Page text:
The time between the collapse of Iceland’s government and election day, while technically only being a little over a month long, felt like a year. International media, their attention already on Iceland due to the scandals surrounding former (and possibly future) Prime Minister Bjarni Benediktsson, speculated that Iceland’s next government would be leftist. Surely this time, many reporters posited, these scandals would be too much for the nation to bear. It should be time’s up for the Independence Party, right?
The results of the elections however, present a problem that appears insurmountable: forming a functional government comprised of two parties. Iceland had seldom had a problem with this area, but it has happened before. Understanding the past will help us plot how we may get out of this crisis presently.
Scandal after scandal
To start with, our current situation began in April 2016, when the Panama Papers scandal forced then-Prime Minister Sigmundur Davíð Gunnlaugsson to resign from office. At the time, the coalition was comprised of the Progressive Party and the Independence Party. The decision taken at the time was to hold early elections that autumn. Parties kicked into campaign mode, and a new party, the Reform Party, began to raise enough support to win seats. When all was said and done, the addition of this new party led to a situation whereby no two-party coalitions were possible. What followed were weeks of coalition talks, where even a five-party coalition was attempted, but in the end we ended up with three: Bright Future, the Reform Party, and the Independence Party leading the government. Their coalition majority was only one seat.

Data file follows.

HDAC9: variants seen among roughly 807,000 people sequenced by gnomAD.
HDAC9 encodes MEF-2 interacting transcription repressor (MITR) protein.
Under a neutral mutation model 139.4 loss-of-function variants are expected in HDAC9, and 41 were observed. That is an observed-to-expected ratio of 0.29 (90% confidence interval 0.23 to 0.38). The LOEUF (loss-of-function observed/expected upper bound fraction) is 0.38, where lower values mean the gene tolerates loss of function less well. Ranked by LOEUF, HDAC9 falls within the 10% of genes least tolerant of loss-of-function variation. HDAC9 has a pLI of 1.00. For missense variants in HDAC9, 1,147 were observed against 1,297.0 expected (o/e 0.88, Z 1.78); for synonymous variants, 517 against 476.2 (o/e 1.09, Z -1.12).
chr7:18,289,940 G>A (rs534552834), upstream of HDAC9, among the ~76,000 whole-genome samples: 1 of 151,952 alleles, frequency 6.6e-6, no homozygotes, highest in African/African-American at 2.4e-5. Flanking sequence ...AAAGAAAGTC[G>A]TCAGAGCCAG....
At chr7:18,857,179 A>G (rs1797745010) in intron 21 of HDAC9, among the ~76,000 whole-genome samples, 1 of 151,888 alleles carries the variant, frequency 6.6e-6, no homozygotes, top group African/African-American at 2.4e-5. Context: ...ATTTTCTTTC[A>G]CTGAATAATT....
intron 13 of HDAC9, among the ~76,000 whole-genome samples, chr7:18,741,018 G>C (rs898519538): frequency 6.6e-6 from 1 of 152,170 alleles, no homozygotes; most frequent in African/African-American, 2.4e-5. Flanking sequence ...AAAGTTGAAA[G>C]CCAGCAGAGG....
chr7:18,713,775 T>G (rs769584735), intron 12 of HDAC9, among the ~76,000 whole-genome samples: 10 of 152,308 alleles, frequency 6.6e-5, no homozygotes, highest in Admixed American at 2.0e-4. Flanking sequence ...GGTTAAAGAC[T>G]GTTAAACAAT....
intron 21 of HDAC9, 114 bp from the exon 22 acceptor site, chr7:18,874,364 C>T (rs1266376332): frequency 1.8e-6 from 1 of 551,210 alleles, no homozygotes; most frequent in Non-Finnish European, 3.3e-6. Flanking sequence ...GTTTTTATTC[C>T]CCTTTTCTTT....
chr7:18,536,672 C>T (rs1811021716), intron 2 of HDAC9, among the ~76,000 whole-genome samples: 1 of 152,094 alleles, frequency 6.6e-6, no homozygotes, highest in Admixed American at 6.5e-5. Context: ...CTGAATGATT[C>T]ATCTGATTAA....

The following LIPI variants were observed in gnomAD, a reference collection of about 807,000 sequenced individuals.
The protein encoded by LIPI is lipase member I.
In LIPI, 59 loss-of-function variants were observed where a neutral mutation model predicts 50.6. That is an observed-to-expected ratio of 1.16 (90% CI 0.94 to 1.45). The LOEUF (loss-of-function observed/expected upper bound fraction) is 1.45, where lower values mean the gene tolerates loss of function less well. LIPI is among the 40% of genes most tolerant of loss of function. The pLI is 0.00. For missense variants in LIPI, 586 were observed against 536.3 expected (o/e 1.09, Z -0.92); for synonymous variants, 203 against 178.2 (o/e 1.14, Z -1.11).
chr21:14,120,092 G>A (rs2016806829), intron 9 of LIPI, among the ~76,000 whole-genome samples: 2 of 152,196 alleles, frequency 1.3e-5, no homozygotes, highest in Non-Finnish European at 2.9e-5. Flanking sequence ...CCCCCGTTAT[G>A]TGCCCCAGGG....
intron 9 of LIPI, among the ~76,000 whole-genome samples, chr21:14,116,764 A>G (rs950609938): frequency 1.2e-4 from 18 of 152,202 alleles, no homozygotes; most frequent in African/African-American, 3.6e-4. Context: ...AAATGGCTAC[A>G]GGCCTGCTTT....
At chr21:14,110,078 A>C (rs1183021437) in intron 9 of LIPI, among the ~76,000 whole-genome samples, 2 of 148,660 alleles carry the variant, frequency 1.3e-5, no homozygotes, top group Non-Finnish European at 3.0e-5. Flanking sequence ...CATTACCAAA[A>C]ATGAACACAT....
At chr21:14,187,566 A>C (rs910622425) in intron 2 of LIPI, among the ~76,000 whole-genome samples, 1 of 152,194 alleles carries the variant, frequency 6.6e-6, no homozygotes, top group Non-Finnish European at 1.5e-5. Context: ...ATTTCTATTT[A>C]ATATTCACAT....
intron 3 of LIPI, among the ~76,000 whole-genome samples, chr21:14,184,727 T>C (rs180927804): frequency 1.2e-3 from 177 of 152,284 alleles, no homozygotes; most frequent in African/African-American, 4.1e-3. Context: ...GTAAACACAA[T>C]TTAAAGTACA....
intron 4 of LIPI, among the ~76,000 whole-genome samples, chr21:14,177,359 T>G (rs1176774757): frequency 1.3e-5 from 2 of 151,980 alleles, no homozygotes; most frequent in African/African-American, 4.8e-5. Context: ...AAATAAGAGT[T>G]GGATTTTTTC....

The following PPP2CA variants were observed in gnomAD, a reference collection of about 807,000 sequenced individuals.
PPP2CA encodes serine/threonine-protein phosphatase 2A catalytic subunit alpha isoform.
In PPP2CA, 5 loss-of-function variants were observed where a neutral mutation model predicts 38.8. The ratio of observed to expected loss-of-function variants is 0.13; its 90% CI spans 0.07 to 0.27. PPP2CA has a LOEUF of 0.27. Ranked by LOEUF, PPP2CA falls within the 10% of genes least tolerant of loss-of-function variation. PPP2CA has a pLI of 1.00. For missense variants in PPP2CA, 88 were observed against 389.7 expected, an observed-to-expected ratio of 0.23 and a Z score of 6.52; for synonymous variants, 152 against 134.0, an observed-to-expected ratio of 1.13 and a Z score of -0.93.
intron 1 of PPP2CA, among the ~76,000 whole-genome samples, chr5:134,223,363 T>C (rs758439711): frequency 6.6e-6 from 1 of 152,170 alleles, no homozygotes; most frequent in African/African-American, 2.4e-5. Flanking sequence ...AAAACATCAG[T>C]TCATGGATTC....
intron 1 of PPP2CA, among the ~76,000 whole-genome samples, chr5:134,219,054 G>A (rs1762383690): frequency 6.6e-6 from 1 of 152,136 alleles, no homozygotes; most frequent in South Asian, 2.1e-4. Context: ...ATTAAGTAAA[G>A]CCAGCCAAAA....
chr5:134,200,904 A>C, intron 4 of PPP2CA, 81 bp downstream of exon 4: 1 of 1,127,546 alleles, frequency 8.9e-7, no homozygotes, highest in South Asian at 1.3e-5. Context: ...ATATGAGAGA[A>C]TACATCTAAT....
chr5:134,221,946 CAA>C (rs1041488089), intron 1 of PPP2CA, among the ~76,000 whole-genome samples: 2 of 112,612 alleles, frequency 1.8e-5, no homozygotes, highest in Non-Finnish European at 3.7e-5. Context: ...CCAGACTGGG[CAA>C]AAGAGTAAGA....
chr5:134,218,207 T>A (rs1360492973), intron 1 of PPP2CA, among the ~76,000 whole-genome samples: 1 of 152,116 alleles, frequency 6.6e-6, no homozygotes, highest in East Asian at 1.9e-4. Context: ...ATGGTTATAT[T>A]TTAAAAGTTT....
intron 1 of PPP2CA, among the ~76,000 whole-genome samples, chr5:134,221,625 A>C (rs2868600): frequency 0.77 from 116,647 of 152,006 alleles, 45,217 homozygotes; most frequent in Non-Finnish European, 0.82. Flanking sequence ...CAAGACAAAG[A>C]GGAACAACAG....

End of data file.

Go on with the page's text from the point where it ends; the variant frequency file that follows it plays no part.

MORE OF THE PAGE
This was already a recipe for disaster. Matters weren’t helped when the “restored honour” scandal broke, which prompted Bright Future to end their partnership with the other two parties less than a year into the term. Bjarni decided that new elections should be held, but this time, the campaign season shrank from a few months to a few weeks. Further complicating matters was the fact that a new party, the People’s Party, which had their sights set on municipal elections next year, and was formed in the wake of the Panama Papers, were at the time polling high enough to win parliamentary seats, and Sigmundur decided within days of the government’s collapse to form his own party, quickly sopping up support. Elections came and went, and once again, no two-party coalition could be formed, but possible three-party coalitions seemed to be a longshot at best.
Are you seeing a pattern here?
The decision to hold elections
The common thread in this is comprised of three elements: scandal, new parties, and the decision to hold elections within a very short span of time. Nothing can, or should, be done to prevent the creation of new parties; they are symptoms of the scandals that plague the more established parties on the right. The scandals themselves could be prevented—or at the very least, their impact reduced—by removing parties from power that become associated with them. That brings us to the problem with early elections after a very short campaign season.